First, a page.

Fashionably Frustrated: Confessions of a Shop-o-Phobic

Illustration showcasing historic women's fashion.

I rarely think about fashion.

The topic resides in the absolute back of my mind, along with traffic theory and seventh grade gossip.

I wear an assortment of hand-me-downs and those miraculous jeans that still fit even though I bought them in eighth grade, shopping only when my clothes bear visible signs of disrepair. 

Throughout my elementary school years, this was completely normal behavior. But come middle school, all of my female peers suddenly discovered an affinity for shopping. I was left behind. I wondered where I went wrong, and how to explain my distaste for clothes shopping and fashion. I heard questions like, “What you mean you don't like clothes shopping? Are you even human?” on a regular basis, which was particularly problematic as it meant that I had to think about my relationship to fashion when I didn't want to.

I grew frustrated with the girls asking.

I grew frustrated with not having a real answer, only a shrug.

I wanted an excuse, an explanation, some logic on my side.

And so I did the only thing I knew how to do: I flipped it around. I started acting like I was the normal one, and like every girl interested in fashion had something wrong with her. I associated interest in clothing with being boring and materialistic.

My dislike of shopping was a philosophy, and it dictated the way I thought about myself and other girls. Girls who thought about “fashionable” clothing too much were shallow. Girls who spent too much money on clothes were spoiled. Girls who spent too much time shopping didn't have their priorities straight.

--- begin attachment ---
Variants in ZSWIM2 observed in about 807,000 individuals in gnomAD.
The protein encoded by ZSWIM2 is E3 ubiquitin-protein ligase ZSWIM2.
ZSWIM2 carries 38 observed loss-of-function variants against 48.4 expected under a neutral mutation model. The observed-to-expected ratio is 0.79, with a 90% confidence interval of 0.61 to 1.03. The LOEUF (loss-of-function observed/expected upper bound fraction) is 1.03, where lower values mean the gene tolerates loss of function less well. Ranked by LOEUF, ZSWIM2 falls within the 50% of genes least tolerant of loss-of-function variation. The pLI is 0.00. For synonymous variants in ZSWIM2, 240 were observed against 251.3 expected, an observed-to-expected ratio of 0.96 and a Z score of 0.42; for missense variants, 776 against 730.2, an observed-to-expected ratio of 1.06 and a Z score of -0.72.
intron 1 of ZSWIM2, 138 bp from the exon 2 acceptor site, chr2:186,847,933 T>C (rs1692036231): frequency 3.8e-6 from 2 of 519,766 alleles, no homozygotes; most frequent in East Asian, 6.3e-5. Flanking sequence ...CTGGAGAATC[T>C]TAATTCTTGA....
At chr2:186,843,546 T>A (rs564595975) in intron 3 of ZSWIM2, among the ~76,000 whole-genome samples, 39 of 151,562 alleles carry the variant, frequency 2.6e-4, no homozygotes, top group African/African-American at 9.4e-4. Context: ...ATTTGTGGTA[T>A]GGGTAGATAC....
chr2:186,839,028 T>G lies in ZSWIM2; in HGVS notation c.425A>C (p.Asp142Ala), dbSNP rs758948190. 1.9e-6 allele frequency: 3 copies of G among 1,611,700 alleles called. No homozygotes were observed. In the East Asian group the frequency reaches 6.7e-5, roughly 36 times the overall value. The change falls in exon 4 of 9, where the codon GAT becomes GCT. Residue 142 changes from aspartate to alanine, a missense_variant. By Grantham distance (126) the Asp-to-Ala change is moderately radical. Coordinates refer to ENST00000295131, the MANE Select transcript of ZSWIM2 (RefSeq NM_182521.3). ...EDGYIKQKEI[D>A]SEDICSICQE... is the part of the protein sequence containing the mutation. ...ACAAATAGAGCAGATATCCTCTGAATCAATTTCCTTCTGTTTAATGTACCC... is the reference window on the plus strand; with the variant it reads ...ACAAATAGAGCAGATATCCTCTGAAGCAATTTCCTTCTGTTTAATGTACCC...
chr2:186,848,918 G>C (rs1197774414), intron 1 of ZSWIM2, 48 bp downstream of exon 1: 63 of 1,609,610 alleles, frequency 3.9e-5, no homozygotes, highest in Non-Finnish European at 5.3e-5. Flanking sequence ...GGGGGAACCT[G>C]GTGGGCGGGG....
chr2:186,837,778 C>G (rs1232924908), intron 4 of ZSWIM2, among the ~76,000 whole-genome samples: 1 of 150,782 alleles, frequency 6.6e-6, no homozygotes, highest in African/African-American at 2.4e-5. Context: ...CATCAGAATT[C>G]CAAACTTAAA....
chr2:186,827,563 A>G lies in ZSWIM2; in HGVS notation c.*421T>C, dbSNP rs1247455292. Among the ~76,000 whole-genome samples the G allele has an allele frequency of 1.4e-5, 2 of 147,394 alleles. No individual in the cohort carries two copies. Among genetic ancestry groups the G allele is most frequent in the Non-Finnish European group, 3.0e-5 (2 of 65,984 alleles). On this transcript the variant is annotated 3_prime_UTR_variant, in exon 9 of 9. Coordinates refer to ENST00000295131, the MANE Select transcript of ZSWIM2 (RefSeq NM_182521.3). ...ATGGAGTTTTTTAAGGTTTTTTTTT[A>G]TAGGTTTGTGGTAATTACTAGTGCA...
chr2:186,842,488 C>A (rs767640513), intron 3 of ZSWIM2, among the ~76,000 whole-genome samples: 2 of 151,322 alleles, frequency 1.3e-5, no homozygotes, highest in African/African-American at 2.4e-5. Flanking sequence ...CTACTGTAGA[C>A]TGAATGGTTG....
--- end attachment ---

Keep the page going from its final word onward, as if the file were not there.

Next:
I, on the other hand, was leading the feminist crusade toward an era where women would be judged not by the cuteness of their clothing but the content of their character. I, clad in ill-fitting yet fully functional attire, was the ascetic monk of the religion of Not Caring What Other People Think.

It was not until my junior year of high school that I started talking about feminism with a lot of other teenage feminists. When I did I discovered that—shockingly—many of the girls I was talking to loved fashion and shopping. This really threw me for a loop. I had to reconcile my idea of what it meant to be a feminist with what I was discovering about the feminists I was meeting. Furthermore, I had to admit that I had been passing harsh and petty judgments upon people, and that that reflected not on them, but on me.

Letting go of that judgment was one of the most liberating things I've ever done. It let me know that I don't have to put other people down in order to feel validated. It also forced me to look at the bias I have against shopping in the first place. I realized that part of my dislike for shopping comes from deep-rooted insecurity. I don't think that I will look good in anything I wear, so why bother trying? And that's certainly not a feminist perspective.

I'll probably never like shopping, but I've learned to see the beauty in it: that we get to choose what to wear and what our clothing says about us is a form of empowerment. But, more importantly, I've learned that judging people for caring how they look is just as bad as judging people for not caring how they look, and that my brand of feminism will have nothing to do with either. 

This piece was written as part of JWA’s Rising Voices Fellowship.

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Great perspective! I have to say that I feel the same way about shopping and about those who shop as you did and now you have opened up my mind a wee bit. Thanks!

You're a great writer; I love this.

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How to cite this page

Goldberg, Ilana. "Fashionably Frustrated: Confessions of a Shop-o-Phobic ." 16 December 2014. Jewish Women's Archive. (Viewed on May 18, 2024) <>.